Virginians imbibed their last legal drink on Halloween night in 1916—more than three years before national prohibition was enacted. Newspapers reported bacchanalian scenes in the Old Dominion’s cities as “wets” drank up and bought out the stock of saloons and bars.
Most of the state’s liquor, beer and wine producers quietly shut down. Farmers worried that a major part of their livelihood from corn and fruit had disappeared overnight, while supporters of prohibition exulted in the promise of a morally upright “Dry Virginia.”
For the next 18 years, the state became a laboratory for a grand social experiment that ultimately left many Virginians with a serious hangover—and eventually led to repeal.
Teetotalers & Moonshiners: Prohibition in Virginia, Distilled, a traveling exhibition from the Library of Virginia, tells the story of Virginia Prohibition and its legacy through an exhibition and associated programming.
The exhibition addresses the important and long-lasting effects of Prohibition on commonwealth and America, including
• The prohibition movement as part of a social reform movement
• The economic and social costs of Prohibition, including the closing of businesses and conflict within communities, and the rise of illegal alcohol production and sale as an underground culture and economy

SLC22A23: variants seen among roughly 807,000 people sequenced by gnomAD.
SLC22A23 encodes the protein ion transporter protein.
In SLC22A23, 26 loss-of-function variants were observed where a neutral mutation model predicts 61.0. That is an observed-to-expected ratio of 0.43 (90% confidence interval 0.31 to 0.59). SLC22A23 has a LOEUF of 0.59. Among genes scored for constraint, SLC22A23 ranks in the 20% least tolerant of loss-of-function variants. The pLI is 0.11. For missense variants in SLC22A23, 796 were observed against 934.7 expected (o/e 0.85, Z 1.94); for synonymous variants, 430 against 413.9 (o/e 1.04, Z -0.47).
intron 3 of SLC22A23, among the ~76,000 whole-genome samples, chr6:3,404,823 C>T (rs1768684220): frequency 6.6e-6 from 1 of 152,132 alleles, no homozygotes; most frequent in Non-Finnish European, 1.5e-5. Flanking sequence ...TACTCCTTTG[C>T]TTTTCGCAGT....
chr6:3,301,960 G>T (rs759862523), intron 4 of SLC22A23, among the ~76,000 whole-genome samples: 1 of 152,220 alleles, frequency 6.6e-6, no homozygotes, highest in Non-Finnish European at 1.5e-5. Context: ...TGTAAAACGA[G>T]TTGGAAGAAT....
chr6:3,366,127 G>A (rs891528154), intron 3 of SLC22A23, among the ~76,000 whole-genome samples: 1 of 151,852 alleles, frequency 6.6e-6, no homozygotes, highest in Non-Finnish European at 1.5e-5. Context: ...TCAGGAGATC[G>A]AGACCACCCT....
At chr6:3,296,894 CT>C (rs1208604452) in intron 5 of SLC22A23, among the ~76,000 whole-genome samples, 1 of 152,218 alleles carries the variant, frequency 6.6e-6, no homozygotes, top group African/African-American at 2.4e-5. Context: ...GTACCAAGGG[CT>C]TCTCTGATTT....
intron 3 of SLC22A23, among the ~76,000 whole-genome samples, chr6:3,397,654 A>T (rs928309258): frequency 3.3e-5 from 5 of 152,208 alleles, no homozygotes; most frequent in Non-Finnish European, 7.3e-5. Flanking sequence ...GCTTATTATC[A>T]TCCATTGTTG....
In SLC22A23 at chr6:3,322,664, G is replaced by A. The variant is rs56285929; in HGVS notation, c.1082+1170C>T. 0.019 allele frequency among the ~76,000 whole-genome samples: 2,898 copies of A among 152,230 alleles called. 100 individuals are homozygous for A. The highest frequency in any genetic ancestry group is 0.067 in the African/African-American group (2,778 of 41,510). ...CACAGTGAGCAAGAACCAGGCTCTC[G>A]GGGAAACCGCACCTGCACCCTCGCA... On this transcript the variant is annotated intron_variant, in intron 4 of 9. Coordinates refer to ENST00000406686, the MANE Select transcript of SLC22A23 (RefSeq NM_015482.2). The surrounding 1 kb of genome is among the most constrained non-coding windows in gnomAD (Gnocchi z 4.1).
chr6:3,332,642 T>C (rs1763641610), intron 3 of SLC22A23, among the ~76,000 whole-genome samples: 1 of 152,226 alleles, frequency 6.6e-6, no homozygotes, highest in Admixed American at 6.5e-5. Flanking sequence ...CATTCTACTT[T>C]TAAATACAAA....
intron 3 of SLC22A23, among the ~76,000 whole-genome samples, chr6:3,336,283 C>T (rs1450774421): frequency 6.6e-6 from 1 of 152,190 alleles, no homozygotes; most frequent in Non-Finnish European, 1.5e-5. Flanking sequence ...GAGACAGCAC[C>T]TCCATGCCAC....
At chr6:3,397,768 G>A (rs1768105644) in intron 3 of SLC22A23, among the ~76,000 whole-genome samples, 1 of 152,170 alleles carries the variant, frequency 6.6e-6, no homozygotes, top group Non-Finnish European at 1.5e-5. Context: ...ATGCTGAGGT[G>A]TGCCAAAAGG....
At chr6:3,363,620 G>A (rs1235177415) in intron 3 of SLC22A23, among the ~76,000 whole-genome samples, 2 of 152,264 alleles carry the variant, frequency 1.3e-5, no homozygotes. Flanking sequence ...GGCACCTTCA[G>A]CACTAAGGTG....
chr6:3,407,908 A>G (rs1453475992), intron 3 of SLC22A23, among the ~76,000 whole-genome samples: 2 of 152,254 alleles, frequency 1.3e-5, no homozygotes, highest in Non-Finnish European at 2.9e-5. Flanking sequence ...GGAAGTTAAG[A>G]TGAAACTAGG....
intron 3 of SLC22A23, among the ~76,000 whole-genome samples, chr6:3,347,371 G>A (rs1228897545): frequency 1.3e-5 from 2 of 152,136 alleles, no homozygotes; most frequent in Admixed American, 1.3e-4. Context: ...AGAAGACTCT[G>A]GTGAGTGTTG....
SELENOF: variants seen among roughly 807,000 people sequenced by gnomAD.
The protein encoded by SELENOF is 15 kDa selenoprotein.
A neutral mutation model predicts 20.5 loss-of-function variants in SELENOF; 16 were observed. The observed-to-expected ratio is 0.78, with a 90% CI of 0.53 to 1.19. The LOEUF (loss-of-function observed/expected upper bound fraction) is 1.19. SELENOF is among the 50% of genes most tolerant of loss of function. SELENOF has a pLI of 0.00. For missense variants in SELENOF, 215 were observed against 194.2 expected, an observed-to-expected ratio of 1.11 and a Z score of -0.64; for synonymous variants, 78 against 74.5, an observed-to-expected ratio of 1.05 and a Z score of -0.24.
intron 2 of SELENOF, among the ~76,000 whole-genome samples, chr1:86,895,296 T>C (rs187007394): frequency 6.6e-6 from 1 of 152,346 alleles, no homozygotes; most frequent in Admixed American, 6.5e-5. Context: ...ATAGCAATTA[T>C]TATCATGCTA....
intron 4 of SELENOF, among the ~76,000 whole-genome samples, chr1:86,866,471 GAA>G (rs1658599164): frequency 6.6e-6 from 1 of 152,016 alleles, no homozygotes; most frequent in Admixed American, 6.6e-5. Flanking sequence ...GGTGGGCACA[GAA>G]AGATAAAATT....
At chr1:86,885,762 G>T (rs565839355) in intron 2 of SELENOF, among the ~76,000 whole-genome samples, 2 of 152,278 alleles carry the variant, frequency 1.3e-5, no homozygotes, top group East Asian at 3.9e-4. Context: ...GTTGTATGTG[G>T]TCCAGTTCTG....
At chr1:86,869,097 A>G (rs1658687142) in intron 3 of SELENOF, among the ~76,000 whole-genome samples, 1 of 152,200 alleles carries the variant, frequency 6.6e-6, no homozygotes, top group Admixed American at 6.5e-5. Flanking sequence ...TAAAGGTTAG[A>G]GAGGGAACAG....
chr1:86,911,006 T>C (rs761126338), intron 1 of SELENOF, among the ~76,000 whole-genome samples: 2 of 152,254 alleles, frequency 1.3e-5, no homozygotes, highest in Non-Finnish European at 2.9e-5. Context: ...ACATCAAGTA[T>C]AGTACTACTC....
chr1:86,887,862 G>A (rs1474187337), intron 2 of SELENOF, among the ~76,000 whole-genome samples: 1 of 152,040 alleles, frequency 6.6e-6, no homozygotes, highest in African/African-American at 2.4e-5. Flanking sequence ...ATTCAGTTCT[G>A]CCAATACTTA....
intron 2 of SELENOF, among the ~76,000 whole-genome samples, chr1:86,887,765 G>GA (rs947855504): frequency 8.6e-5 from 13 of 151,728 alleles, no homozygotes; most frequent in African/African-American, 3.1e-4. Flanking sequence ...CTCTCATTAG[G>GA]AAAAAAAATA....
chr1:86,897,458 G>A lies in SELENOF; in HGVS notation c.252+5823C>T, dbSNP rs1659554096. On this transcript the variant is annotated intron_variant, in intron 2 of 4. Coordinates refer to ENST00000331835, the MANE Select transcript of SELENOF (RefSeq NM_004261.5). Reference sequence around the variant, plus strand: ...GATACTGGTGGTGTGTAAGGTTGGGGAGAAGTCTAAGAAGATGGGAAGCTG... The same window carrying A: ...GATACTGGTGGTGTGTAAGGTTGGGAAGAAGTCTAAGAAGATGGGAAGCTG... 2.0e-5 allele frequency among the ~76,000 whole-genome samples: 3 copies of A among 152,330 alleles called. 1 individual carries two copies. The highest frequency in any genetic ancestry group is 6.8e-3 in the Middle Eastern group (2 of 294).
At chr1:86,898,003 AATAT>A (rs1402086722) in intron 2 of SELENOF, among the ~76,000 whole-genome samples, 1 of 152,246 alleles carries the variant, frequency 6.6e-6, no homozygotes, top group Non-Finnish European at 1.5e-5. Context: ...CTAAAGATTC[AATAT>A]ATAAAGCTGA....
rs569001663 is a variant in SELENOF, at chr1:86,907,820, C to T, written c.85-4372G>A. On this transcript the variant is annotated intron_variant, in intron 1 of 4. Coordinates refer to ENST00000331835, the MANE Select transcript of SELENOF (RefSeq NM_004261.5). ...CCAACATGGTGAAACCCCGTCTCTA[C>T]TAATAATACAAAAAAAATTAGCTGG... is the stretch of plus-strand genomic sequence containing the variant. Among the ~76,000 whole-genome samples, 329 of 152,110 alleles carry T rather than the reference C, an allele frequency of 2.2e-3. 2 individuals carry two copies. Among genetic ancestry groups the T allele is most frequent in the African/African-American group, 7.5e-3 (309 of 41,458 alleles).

• The role of government in overseeing public health
• Prohibition’s legacy—from NASCAR to the creation of the Virginia Department of Alcoholic Beverage Control to the rise of the modern brewing and distilling industry
‘Teetotalers & Moonshiners’ will be on display in the Blacksburg Public Library beginning Dec. 27 and running through Feb. 6, 2018.
The exhibition is supported in part by the Virginia Department of Alcoholic Beverage Control and the National Alcoholic Beverage Control Association. The Virginia Distillers Association also provided support for the traveling exhibition.
A companion program to the Teetotalers and Moonshine exhibit, ‘Blue Flame Cough Syrup, Time Warp Egg Nog, and other adventures at the edge of bootlegging’ will be presented at 2 p.m. Sunday, Jan. 21 at the Blacksburg Library. Discussion of the poetry, stories, and images of bootlegging in Franklin County and nearby areas will be led by local author and poet Clyde Kessler.
Mr. Kessler will lead the discussion and share from his book of poetry ‘Fiddling at Midnight’s Farmhouse’ published by Cedar Creek Publishing, and illustrated by his artist-wife, Kendal Kessler.